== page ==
See my edit. if you add too many subqueries for a table, and it becomes slow, you should start considering using @Erwin's solution. With the LIMIT 10 you have, I'd use this one. –  ypercube Jun 19 '12 at 7:09
You'll probably want to add another index on comments (petid, comDate) if this addition slows the query. –  ypercube Jun 19 '12 at 7:09
And don't delete the final ORDER BY p.date. If you want an ordering specify it. You only have 10 rows so it's not going to be slow. Why base the correctness of the result on a assumption of how things will work? –  ypercube Jun 19 '12 at 7:13

Rewrite each of your 3 subqueries as a SELECT COUNT/SUM FROM ... GROUP BY :

SELECT comments.petid, count(*) AS noOfCom from comments GROUP BY comments.petid

SELECT petfb.petid, count(*) from
(SELECT petfb.petid FROM petfb WHERE (feedback=1 OR feedback=100)) AS petlikes
GROUP BY petlikes.petid

SELECT petfb.petid, count(*) from
(SELECT petfb.petid WHERE (feedback=5 OR feedback=6)) AS petdislikes
GROUP BY petdislikes.petid


Then LEFT OUTER JOIN these to your basic pet table.

SELECT * FROM
( (pet JOIN owner ON ...)
LEFT OUTER JOIN commentsquery ON ...
LEFT OUTER JOIN likesquery ON ...
LEFT OUTER JOIN dislikesquery ON ... )
ORDER BY ... [LIMIT ...]


I don't know by heart whether MySQL supports this syntax, but I think it's your only chance of a better-performing evaluation strategy.

EDIT

Unless the performance problems derive from lack of indexes or some such, of course (thought of that while driving home and the foregoing was already posted).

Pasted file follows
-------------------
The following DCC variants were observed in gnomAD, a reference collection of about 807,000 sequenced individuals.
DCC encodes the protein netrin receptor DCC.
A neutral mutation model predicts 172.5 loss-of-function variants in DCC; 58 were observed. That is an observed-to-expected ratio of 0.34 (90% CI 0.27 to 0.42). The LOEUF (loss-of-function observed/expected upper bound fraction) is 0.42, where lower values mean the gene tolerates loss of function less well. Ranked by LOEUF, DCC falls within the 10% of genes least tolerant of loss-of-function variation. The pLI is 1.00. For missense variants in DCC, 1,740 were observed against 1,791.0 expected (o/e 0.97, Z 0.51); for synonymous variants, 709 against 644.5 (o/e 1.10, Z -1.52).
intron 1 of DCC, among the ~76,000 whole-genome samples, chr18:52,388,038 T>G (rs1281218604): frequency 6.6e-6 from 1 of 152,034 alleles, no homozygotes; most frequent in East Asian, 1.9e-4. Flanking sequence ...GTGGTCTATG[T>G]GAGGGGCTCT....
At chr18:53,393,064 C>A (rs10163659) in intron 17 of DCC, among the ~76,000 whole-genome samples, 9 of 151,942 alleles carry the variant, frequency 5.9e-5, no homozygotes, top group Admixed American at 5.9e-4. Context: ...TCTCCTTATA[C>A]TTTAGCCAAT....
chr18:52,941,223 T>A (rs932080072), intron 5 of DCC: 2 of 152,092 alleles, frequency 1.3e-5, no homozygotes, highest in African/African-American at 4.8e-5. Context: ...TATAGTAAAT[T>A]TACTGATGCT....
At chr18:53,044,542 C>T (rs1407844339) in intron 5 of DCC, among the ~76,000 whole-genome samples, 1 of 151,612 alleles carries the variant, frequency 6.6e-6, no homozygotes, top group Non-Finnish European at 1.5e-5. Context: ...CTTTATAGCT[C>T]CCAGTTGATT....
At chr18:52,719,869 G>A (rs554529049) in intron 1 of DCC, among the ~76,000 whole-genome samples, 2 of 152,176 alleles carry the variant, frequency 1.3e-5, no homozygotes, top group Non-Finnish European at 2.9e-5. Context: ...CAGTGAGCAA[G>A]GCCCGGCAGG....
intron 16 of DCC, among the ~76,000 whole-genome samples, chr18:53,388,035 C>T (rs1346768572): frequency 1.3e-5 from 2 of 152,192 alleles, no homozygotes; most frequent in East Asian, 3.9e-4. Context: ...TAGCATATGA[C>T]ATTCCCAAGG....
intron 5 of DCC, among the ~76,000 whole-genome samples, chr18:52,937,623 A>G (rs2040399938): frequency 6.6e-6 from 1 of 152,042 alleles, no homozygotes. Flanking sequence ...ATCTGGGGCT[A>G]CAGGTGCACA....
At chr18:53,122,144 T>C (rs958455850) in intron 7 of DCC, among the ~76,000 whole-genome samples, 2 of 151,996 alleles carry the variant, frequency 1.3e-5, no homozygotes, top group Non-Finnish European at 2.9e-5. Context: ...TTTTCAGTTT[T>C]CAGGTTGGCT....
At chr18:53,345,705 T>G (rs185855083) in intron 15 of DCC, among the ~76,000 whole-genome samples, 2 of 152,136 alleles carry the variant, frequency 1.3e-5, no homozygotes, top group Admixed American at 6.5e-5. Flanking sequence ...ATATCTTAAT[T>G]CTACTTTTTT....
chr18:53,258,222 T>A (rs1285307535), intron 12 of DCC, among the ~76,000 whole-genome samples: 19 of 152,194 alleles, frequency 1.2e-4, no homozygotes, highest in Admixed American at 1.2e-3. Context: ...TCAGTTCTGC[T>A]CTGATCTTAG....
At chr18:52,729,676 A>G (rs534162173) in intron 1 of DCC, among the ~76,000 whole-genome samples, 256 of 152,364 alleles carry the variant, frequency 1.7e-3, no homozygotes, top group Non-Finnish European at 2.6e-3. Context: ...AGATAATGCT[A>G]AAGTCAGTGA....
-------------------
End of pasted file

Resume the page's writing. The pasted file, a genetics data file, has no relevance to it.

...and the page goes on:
-
Do you mean if MySQL supports subqueries (derived tables). Of course it does. –  ypercube Jun 18 '12 at 15:16
Not sure why you made the 2nd the 3rd as nested while you let the 1st without nesting. –  ypercube Jun 18 '12 at 15:17
No, I meant the JOIN ... ON ... and LEFT OUTER JOIN ... ON ... I don't particularly follow the level of conformance and/or the additional extensions that any given SQL engine has vis-a-vis the standard. For one reason or other, I'd expect those constructs to be available mostly in the engines that also have NATURAL JOIN, EXCEPT, etc ... (and those may not exactly be the majority). –  Erwin Smout Jun 18 '12 at 17:19
You're right about the query nesting in the FEEDBACK queries. The nesting isn't needed. –  Erwin Smout Jun 18 '12 at 17:20
OK then. That's how I'd written the query if there wasn't the LIMIT on the pet table. (and to be honest I'd try both your and my version, just to be safe). One never knows with MySQL and various optimizations were added in some versions so it's version specific as well. –  ypercube Jun 18 '12 at 17:23